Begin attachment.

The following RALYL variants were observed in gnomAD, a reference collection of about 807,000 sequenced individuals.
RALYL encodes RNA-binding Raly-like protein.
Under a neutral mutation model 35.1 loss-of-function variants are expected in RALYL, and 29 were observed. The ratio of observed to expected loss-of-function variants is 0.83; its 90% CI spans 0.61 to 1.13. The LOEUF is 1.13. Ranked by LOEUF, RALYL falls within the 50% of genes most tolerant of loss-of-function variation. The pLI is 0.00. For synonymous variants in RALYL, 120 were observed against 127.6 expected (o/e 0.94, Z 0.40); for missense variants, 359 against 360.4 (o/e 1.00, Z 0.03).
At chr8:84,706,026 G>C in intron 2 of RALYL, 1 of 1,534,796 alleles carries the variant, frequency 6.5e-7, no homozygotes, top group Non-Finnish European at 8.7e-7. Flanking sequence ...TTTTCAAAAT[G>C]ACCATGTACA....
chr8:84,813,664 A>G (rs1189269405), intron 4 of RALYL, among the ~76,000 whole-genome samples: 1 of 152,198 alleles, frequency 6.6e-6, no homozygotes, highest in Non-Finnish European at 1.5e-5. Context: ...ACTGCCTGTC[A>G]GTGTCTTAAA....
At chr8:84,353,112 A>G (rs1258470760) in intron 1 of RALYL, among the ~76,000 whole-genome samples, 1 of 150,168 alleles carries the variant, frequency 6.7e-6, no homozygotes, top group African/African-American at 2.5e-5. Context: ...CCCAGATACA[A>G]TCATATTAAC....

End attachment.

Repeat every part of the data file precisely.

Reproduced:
The following RALYL variants were observed in gnomAD, a reference collection of about 807,000 sequenced individuals.
RALYL encodes RNA-binding Raly-like protein.
Under a neutral mutation model 35.1 loss-of-function variants are expected in RALYL, and 29 were observed. The ratio of observed to expected loss-of-function variants is 0.83; its 90% CI spans 0.61 to 1.13. The LOEUF is 1.13. Ranked by LOEUF, RALYL falls within the 50% of genes most tolerant of loss-of-function variation. The pLI is 0.00. For synonymous variants in RALYL, 120 were observed against 127.6 expected (o/e 0.94, Z 0.40); for missense variants, 359 against 360.4 (o/e 1.00, Z 0.03).
At chr8:84,706,026 G>C in intron 2 of RALYL, 1 of 1,534,796 alleles carries the variant, frequency 6.5e-7, no homozygotes, top group Non-Finnish European at 8.7e-7. Flanking sequence ...TTTTCAAAAT[G>C]ACCATGTACA....
chr8:84,813,664 A>G (rs1189269405), intron 4 of RALYL, among the ~76,000 whole-genome samples: 1 of 152,198 alleles, frequency 6.6e-6, no homozygotes, highest in Non-Finnish European at 1.5e-5. Context: ...ACTGCCTGTC[A>G]GTGTCTTAAA....
At chr8:84,353,112 A>G (rs1258470760) in intron 1 of RALYL, among the ~76,000 whole-genome samples, 1 of 150,168 alleles carries the variant, frequency 6.7e-6, no homozygotes, top group African/African-American at 2.5e-5. Context: ...CCCAGATACA[A>G]TCATATTAAC....